Notes: There are two versions of this recipe online - one that contains double the sugar, a third of the baking soda, and no fresh ginger, and the one that you'll find below. Thrown by the differing quantities of baking soda, I elected to use 1 teaspoon as a compromise between the two varying recipes and suffered no ill fate as a result. Praise be to God.
Now a word on the frosting. Anjali, who bequeathed this recipe onto me alongside the inspiration to turn it into cupcakes, used a lemon cream cheese frosting in lieu of the brown sugar version you see here. While seemingly inherently opposed to the nature of gingerbready sorts of things, the lemon cream cheese was a surprisingly delightful foil to the dark and moody cupcakes, and when I endeavor these again, I fully intend to play around with citrus flavoring, as well. For the purposes of this birthday celebration, however, I selected something slightly more mainstream, and in my mind's eye, no less compelling.
1 cup Guinness stout
1 cup molasses
1 teaspoon baking soda (original calls for 1/2 tablespoon)
3 large eggs
1/2 cup granulated sugar
1/2 cup firmly packed dark brown sugar
3/4 cup vegetable oil (grapeseed oil also accepted here)
2 cups all-purpose flour
2 tablespoons ground ginger (not a typo)
1 1/2 teaspoons baking powder
3/4 teaspoon ground cinnamon
1/4 teaspoon ground cinnamon
1/4 teaspoon freshly grated nutmeg
1/8 teaspoon ground cardamom (not a travesty if omitted)
1 tablespoon grated, peeled fresh gingerroot
Frosting of choice (brown sugar cream cheese frosting below!)
Preheat oven to 350 degrees.
Line two 12-cup muffin tins with paper liners.
In a large saucepan with plenty of room for boiling action (important!), combine the Guinness and molasses. Bring to a slow boil, watching closely to ensure it doesn't boil over onto the stove and possibly onto the floor. Turn off the heat immediately, and stir in the baking soda. Allow to sit until the foam dissipates and the mixture cools down enough that it won't curdle the eggs in the batter.
Meanwhile, while the Guinness/molasses/baking soda mixture is cooling, set about preparing your other ingredients.
In a large bowl, whisk together the eggs with both sugars, followed by the oil.
In another large bowl (we are dirtying lots of things today!), use a fresh whisk to combine the flour, ground ginger, baking powder, cinnamon, cloves, nutmeg, and cardamom if you can find it/afford to spend $11 on a ground spice you only need 1/8 teaspoon of in a recipe.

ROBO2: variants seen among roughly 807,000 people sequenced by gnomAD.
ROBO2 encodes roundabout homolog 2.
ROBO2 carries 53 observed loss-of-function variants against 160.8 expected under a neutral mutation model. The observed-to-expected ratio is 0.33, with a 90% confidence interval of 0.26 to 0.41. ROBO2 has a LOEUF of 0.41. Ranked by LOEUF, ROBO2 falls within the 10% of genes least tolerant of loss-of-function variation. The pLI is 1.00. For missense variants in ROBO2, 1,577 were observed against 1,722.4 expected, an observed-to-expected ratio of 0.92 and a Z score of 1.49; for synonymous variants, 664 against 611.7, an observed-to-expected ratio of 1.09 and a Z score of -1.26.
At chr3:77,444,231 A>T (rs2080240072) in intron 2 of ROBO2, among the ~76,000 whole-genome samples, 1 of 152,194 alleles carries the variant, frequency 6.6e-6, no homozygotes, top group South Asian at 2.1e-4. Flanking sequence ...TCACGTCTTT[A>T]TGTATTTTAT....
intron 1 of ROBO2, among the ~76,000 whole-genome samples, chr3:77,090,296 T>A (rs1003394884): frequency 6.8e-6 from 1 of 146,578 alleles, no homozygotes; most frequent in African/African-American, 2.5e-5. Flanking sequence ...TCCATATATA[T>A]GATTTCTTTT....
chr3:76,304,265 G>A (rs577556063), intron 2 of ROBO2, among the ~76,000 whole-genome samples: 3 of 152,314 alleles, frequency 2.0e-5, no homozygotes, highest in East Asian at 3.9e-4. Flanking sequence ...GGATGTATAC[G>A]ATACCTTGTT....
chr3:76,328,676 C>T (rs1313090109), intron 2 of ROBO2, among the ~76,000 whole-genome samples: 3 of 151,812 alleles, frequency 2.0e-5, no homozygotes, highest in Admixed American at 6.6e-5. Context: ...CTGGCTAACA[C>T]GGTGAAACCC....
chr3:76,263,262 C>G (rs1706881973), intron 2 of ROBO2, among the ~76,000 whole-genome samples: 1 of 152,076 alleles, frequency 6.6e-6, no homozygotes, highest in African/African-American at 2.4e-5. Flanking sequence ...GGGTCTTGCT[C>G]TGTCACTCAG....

Now, with all the ingredients prepped and the Guinness/molasses/baking soda mix cooled down to a state that won't scald your appendages, combine it with the egg/sugar/oil mixture. Whisk half of this wet mixture in with the flour mix, followed by the other half. Stir in the fresh ginger until just combined.
Pour the batter into the lined muffin tins, about 3/4 of the way to the top. You'll likely get around 21 cupcakes - 22 if you stretch it some.
Bake for 20 minutes or until a toothpick comes out perfectly clean. Cool in the tin for 5 minutes, then remove and cool completely on a wire rack before frosting.
Brown Sugar Cream Cheese Frosting
From Smitten Kitchen
1 1/4 cups light brown sugar
1/4 cup cornstarch
1/2 cup powdered sugar
2 8-ounce packages of cream cheese (at room temperature)
1/2 cup unsalted butter (at room temperature)
1/2 teaspoon vanilla extract
In a small bowl, whisk together the two sugars and cornstarch, taking care to whisk out any brown sugar lumps. Lumps are not frosting's friend. (Particularly when you're using frosting to hide lumps on cupcakes).
In a separate large bowl, beat the softened cream cheese and butter together until light and fluffy. Beat in the vanilla (adding before other ingredients allows it to better penetrate the butter as per a pastry chef I trust implicitly), and then follow with the sugar-cornstarch mixture. Continue beating until the frosting is completely smooth and light. Chill the bowl in the refrigerator until it firms up enough that it won't slip and slide on your cupcake. Dollop, spread or use a pastry bag to form perfectesque peaks of frosting on each cake.
Take pictures. Because - success! You did it.